The Sirens in Homer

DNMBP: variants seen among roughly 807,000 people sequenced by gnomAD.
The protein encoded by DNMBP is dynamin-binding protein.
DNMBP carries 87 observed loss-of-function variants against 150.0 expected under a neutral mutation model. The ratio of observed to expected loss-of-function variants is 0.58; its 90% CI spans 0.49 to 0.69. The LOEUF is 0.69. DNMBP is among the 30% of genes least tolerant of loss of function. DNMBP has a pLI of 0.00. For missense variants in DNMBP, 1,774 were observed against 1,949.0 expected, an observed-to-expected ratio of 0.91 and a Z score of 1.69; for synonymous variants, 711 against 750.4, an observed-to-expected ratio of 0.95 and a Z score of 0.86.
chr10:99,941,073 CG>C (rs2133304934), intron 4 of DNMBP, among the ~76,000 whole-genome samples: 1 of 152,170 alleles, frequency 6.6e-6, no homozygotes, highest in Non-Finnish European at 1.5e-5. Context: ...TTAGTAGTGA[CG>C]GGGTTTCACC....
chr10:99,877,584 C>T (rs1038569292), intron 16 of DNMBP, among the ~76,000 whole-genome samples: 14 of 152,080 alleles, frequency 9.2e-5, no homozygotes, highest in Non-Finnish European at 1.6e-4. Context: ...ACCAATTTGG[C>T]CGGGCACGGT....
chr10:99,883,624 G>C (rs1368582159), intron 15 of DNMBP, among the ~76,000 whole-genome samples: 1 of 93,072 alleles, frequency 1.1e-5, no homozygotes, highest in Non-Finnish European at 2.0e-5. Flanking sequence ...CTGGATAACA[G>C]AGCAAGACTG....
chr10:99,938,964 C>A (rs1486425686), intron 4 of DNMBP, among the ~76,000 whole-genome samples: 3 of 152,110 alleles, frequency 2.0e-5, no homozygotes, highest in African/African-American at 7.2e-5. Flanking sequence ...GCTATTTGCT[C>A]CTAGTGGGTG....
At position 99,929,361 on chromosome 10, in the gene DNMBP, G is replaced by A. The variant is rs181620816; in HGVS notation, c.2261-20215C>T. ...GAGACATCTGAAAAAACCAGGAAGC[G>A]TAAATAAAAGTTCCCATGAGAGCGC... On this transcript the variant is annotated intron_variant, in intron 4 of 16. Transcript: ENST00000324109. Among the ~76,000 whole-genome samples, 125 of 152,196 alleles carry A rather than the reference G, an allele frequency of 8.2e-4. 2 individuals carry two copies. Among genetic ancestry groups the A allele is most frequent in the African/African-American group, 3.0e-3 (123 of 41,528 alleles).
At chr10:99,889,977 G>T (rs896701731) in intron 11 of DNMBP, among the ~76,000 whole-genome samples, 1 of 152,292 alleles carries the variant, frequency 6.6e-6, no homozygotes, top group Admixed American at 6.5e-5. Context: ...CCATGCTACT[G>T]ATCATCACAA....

This study of charm begins with the Sirens that tempt Odysseus with their irresistible singing. Homer’s Greek did not include “charm,” yet that word appears in most English renderings of their bewitching song: we encounter “clear voiced song,” “honeysweet sound,” “voice of the wondrous Sirens,” and “haunting song.” In Pope’s version of 1726, the Sirens are “sweet charmers,” and in his translation, the word charm in one sense or another occurs 56 times. Homer’s Sirens are the archetype of Marlene Dietrich’s Lola Lola and of all enchanting women whose song or looks lures men to their ruin. In Genesis, Eve too is a charmer. Like Homer’s Sirens, she coaxes him, and promising desirable knowledge, and, because of her persuasions, the human race is cursed with mortality.